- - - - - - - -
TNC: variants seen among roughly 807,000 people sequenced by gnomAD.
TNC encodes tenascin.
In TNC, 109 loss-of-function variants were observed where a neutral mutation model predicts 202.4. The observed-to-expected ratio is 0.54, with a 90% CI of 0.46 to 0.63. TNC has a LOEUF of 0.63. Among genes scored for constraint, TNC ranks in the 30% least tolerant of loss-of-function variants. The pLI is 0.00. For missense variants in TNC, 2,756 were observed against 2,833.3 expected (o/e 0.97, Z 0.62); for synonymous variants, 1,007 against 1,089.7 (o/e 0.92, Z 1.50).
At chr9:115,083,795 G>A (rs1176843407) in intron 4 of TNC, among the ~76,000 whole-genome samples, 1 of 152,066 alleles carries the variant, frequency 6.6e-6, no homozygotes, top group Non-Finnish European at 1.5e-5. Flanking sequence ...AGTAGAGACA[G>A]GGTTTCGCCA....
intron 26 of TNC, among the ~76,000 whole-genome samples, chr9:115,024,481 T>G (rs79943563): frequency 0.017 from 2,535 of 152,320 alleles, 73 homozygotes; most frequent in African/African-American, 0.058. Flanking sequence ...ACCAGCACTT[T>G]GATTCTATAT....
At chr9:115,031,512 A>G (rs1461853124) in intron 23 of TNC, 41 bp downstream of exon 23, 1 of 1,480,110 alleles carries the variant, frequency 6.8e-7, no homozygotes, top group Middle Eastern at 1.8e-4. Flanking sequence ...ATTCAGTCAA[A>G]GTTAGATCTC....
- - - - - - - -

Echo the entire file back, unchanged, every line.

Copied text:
TNC: variants seen among roughly 807,000 people sequenced by gnomAD.
TNC encodes tenascin.
In TNC, 109 loss-of-function variants were observed where a neutral mutation model predicts 202.4. The observed-to-expected ratio is 0.54, with a 90% CI of 0.46 to 0.63. TNC has a LOEUF of 0.63. Among genes scored for constraint, TNC ranks in the 30% least tolerant of loss-of-function variants. The pLI is 0.00. For missense variants in TNC, 2,756 were observed against 2,833.3 expected (o/e 0.97, Z 0.62); for synonymous variants, 1,007 against 1,089.7 (o/e 0.92, Z 1.50).
At chr9:115,083,795 G>A (rs1176843407) in intron 4 of TNC, among the ~76,000 whole-genome samples, 1 of 152,066 alleles carries the variant, frequency 6.6e-6, no homozygotes, top group Non-Finnish European at 1.5e-5. Flanking sequence ...AGTAGAGACA[G>A]GGTTTCGCCA....
intron 26 of TNC, among the ~76,000 whole-genome samples, chr9:115,024,481 T>G (rs79943563): frequency 0.017 from 2,535 of 152,320 alleles, 73 homozygotes; most frequent in African/African-American, 0.058. Flanking sequence ...ACCAGCACTT[T>G]GATTCTATAT....
At chr9:115,031,512 A>G (rs1461853124) in intron 23 of TNC, 41 bp downstream of exon 23, 1 of 1,480,110 alleles carries the variant, frequency 6.8e-7, no homozygotes, top group Middle Eastern at 1.8e-4. Flanking sequence ...ATTCAGTCAA[A>G]GTTAGATCTC....